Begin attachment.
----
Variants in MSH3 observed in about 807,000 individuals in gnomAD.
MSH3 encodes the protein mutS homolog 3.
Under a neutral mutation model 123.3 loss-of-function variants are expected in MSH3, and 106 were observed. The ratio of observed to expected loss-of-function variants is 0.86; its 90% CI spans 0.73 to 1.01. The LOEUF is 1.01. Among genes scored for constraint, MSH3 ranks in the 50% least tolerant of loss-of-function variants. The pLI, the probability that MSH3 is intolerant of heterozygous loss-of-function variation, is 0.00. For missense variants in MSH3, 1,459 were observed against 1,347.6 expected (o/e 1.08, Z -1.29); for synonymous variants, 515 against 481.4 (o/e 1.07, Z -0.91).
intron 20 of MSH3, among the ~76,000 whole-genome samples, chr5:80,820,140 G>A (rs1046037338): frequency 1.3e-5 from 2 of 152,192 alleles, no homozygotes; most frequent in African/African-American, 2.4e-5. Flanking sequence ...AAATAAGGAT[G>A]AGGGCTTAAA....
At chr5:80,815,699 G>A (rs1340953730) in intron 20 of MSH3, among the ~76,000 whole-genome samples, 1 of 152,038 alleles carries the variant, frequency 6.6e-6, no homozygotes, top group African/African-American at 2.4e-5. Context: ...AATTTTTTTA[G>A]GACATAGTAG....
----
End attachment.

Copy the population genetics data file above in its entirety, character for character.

Variants in MSH3 observed in about 807,000 individuals in gnomAD.
MSH3 encodes the protein mutS homolog 3.
Under a neutral mutation model 123.3 loss-of-function variants are expected in MSH3, and 106 were observed. The ratio of observed to expected loss-of-function variants is 0.86; its 90% CI spans 0.73 to 1.01. The LOEUF is 1.01. Among genes scored for constraint, MSH3 ranks in the 50% least tolerant of loss-of-function variants. The pLI, the probability that MSH3 is intolerant of heterozygous loss-of-function variation, is 0.00. For missense variants in MSH3, 1,459 were observed against 1,347.6 expected (o/e 1.08, Z -1.29); for synonymous variants, 515 against 481.4 (o/e 1.07, Z -0.91).
intron 20 of MSH3, among the ~76,000 whole-genome samples, chr5:80,820,140 G>A (rs1046037338): frequency 1.3e-5 from 2 of 152,192 alleles, no homozygotes; most frequent in African/African-American, 2.4e-5. Flanking sequence ...AAATAAGGAT[G>A]AGGGCTTAAA....
At chr5:80,815,699 G>A (rs1340953730) in intron 20 of MSH3, among the ~76,000 whole-genome samples, 1 of 152,038 alleles carries the variant, frequency 6.6e-6, no homozygotes, top group African/African-American at 2.4e-5. Context: ...AATTTTTTTA[G>A]GACATAGTAG....